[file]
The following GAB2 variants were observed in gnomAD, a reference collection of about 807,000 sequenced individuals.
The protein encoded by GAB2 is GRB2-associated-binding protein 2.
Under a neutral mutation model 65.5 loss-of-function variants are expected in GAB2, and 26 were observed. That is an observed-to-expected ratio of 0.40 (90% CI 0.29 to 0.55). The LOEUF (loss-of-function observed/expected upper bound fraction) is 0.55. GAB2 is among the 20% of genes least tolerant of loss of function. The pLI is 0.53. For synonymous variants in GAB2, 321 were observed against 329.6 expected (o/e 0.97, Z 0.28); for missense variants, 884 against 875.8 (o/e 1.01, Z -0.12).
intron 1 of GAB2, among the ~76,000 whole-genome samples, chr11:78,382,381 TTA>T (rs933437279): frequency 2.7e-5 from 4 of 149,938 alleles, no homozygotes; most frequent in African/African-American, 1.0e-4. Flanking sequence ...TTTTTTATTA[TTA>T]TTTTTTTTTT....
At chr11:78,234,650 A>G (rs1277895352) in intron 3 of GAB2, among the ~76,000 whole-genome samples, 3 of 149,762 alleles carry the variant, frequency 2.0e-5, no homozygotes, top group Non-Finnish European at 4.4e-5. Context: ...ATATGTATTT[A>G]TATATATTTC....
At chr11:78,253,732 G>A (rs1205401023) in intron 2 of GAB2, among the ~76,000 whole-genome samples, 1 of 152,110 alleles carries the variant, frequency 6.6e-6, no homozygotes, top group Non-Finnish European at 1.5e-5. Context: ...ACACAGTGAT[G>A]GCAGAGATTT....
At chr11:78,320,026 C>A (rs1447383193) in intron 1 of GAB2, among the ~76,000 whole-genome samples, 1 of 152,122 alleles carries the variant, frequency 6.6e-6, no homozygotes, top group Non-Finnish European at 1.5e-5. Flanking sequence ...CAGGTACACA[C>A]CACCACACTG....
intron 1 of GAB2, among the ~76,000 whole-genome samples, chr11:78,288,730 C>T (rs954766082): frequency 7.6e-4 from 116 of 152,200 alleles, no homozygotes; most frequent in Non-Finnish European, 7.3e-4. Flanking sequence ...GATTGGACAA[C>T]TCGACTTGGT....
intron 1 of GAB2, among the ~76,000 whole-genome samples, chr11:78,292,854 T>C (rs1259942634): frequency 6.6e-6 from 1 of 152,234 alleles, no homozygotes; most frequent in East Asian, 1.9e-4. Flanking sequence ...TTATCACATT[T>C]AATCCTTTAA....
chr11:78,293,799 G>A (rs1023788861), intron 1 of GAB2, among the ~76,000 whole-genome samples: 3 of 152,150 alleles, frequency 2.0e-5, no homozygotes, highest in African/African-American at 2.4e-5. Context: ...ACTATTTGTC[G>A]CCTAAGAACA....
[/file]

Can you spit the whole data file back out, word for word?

The following GAB2 variants were observed in gnomAD, a reference collection of about 807,000 sequenced individuals.
The protein encoded by GAB2 is GRB2-associated-binding protein 2.
Under a neutral mutation model 65.5 loss-of-function variants are expected in GAB2, and 26 were observed. That is an observed-to-expected ratio of 0.40 (90% CI 0.29 to 0.55). The LOEUF (loss-of-function observed/expected upper bound fraction) is 0.55. GAB2 is among the 20% of genes least tolerant of loss of function. The pLI is 0.53. For synonymous variants in GAB2, 321 were observed against 329.6 expected (o/e 0.97, Z 0.28); for missense variants, 884 against 875.8 (o/e 1.01, Z -0.12).
intron 1 of GAB2, among the ~76,000 whole-genome samples, chr11:78,382,381 TTA>T (rs933437279): frequency 2.7e-5 from 4 of 149,938 alleles, no homozygotes; most frequent in African/African-American, 1.0e-4. Flanking sequence ...TTTTTTATTA[TTA>T]TTTTTTTTTT....
At chr11:78,234,650 A>G (rs1277895352) in intron 3 of GAB2, among the ~76,000 whole-genome samples, 3 of 149,762 alleles carry the variant, frequency 2.0e-5, no homozygotes, top group Non-Finnish European at 4.4e-5. Context: ...ATATGTATTT[A>G]TATATATTTC....
At chr11:78,253,732 G>A (rs1205401023) in intron 2 of GAB2, among the ~76,000 whole-genome samples, 1 of 152,110 alleles carries the variant, frequency 6.6e-6, no homozygotes, top group Non-Finnish European at 1.5e-5. Context: ...ACACAGTGAT[G>A]GCAGAGATTT....
At chr11:78,320,026 C>A (rs1447383193) in intron 1 of GAB2, among the ~76,000 whole-genome samples, 1 of 152,122 alleles carries the variant, frequency 6.6e-6, no homozygotes, top group Non-Finnish European at 1.5e-5. Flanking sequence ...CAGGTACACA[C>A]CACCACACTG....
intron 1 of GAB2, among the ~76,000 whole-genome samples, chr11:78,288,730 C>T (rs954766082): frequency 7.6e-4 from 116 of 152,200 alleles, no homozygotes; most frequent in Non-Finnish European, 7.3e-4. Flanking sequence ...GATTGGACAA[C>T]TCGACTTGGT....
intron 1 of GAB2, among the ~76,000 whole-genome samples, chr11:78,292,854 T>C (rs1259942634): frequency 6.6e-6 from 1 of 152,234 alleles, no homozygotes; most frequent in East Asian, 1.9e-4. Flanking sequence ...TTATCACATT[T>C]AATCCTTTAA....
chr11:78,293,799 G>A (rs1023788861), intron 1 of GAB2, among the ~76,000 whole-genome samples: 3 of 152,150 alleles, frequency 2.0e-5, no homozygotes, highest in African/African-American at 2.4e-5. Context: ...ACTATTTGTC[G>A]CCTAAGAACA....